Before I had kids, I had a vision of what life might be like when they eventually did arrive. They’d sleep through from day one, of course, walk and talk early and never have a tantrum in the supermarket like other people’s toddlers.
I knew just how they’d be when it came to meal times, too. Rosy apple-cheeked cherubs with lovely manners sitting down to meals of home cooked goodness around a scrubbed pine table.
Like most things, the reality bears little resemblance to the fantasy. It started early with both my kids. I carefully cooked and puréed organic pear and broccoli only to have them resolutely throw it all over the cat.
We insisted they sat at the table and even took them to nice restaurants in the hope that we might instil in them not only a love of good food but also the importance of the social activity of eating.
I’ll tell you now, we’ve failed. I grew up eating together at the table as a family – apart from Friday night fish and chips after swimming, which we ate on trays on our knees watching Magnum, P.I.
My mum was, and is, a great cook. Sunday lunch times were legendary growing up, although we called it dinner never lunch. Yorkshire pudding, always eaten as a starter with buckets of gravy, roast lamb and fluffy roast potatoes, homemade mint sauce with mint from Uncle Cyril’s garden next door.
OK, the veg were always over cooked (sorry, Mum) and tasted faintly of bicarbonate of soda (something to do with keeping the cabbage green) but no matter how hard I try, to this day my Sunday dinners still don’t taste as good.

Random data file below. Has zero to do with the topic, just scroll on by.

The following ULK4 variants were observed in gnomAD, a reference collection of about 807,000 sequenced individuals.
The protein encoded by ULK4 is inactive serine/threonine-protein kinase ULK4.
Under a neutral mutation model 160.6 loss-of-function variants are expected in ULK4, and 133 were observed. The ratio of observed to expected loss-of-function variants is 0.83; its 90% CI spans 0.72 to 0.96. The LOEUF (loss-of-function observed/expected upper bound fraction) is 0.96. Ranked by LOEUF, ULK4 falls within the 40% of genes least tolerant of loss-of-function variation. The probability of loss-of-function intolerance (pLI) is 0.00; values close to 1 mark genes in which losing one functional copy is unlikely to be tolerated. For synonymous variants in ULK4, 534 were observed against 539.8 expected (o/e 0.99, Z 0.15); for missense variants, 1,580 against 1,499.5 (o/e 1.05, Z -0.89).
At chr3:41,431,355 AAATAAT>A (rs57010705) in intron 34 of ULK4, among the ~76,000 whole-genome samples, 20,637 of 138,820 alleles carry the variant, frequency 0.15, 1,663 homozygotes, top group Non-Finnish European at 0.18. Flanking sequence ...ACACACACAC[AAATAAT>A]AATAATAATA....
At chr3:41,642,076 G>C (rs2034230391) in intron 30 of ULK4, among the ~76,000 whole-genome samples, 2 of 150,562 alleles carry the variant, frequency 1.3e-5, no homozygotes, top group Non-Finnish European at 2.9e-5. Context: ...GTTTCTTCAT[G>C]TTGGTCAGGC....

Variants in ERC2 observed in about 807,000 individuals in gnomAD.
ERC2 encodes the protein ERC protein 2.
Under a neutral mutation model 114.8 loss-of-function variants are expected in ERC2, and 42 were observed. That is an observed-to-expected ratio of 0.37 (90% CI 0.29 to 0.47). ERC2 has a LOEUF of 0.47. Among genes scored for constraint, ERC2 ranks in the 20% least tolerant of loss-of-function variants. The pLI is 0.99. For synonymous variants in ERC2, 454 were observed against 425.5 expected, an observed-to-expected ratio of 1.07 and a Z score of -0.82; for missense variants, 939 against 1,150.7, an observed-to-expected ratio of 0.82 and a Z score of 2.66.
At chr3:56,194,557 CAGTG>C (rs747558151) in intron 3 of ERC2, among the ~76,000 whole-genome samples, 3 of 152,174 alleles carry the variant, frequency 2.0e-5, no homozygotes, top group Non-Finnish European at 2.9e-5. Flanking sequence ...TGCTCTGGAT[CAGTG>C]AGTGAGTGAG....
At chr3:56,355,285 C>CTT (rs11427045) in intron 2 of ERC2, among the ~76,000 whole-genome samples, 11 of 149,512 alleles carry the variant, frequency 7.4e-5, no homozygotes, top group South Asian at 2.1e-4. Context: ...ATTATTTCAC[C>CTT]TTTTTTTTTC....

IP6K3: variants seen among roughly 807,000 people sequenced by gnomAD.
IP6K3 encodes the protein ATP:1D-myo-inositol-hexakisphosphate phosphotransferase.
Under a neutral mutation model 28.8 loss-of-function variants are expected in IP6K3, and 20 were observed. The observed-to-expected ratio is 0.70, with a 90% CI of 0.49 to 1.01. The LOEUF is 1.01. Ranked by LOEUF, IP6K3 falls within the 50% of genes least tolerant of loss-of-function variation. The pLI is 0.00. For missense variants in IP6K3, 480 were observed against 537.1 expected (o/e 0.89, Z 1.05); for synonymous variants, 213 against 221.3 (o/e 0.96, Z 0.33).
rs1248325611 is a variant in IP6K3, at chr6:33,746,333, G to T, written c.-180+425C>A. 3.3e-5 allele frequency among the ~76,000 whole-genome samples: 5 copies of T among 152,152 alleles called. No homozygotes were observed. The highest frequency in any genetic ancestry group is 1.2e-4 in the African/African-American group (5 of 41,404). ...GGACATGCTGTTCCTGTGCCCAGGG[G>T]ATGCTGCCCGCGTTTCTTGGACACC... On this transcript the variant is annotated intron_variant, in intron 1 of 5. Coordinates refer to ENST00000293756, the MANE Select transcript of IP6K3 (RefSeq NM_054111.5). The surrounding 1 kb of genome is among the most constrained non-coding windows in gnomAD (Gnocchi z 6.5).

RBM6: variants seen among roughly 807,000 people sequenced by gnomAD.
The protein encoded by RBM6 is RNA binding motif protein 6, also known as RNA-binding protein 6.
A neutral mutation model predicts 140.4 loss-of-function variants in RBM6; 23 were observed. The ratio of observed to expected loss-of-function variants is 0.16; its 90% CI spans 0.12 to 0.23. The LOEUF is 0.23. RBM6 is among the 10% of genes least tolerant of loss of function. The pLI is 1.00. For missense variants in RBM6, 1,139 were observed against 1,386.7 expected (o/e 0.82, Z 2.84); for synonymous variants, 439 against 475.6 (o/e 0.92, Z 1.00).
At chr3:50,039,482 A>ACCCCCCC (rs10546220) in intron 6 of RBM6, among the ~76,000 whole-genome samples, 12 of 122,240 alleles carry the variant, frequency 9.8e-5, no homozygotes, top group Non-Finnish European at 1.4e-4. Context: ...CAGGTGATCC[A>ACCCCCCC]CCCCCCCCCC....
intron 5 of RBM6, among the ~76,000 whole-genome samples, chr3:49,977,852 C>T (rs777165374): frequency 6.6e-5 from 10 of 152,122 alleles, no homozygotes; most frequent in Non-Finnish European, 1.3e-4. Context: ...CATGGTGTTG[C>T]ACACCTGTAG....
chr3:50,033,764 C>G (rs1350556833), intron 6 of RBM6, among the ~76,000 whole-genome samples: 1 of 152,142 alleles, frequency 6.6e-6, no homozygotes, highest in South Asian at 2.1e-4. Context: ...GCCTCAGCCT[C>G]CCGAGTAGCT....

And the way I remember it is we ate together at the table, set with a cloth and place mats and a jug of tap water that my dad called “corporation wine” – every week night, too. Bubble and squeak on Monday nights, stew on Wednesdays (my Nan came for tea and she could only manage soft stuff with her teeth) and rabbit and neck of lamb hot pot with chips on Saturdays.
I cook. I like to think I’m good, I wouldn’t have thrown myself into Celebrity MasterChef if I didn’t think I was at least passable. It’s very much homely dishes rather than fine dining, but it’s mostly edible.
While we were good at family mealtimes when the kids were small enough to be strapped into a high chair, as they’ve grown older (my son’s 13 and my daughter’s just turned 16) it’s become harder, partly because it’s more difficult to tell them what to do, but mostly because we’re very rarely in the house and all hungry at the same time.
The teenagers tend to cook for themselves, mostly a carb fest of pasta, noodles and bread. And to my shame they often eat in front of the telly or, and this is really embarrassing, in their bedrooms. Occasionally they bring the dirty cups and plates downstairs.
Like most people, I’ve been led to believe by the Bisto ads, cuddly sitcoms and episodes of The Waltons that the goal of every happy family is to sit down to eat home-cooked goodness together, every day.
We do manage it occasionally – Christmas, sometimes on a Sunday and at my mum’s house. But like lots of things in modern parenting it’s become another stick to beat ourselves with, another thing to feel bad about – the ping of the microwave being the announcement of my failure as a mother.
But perhaps it’s less about beating myself up for the times we don’t manage it and rather to celebrate and enjoy the times when we do. My mum remembers our own family mealtimes differently.
She agrees there were lots of meals around the table, but she also remembers the pile of dirty plates under my bed, the skipped suppers in favour of a piece of toast, and my brother’s downright refusal to consider rabbit stew, no matter how much she told him it was chicken.
Food sparks nostalgia. We remember things the way we want to. I’m hoping my kids will do the same.
Rev Kate Bottley is a contestant on this week’s Celebrity MasterChef, at 8:00pm Wednesday, 8:30pm Friday, BBC1
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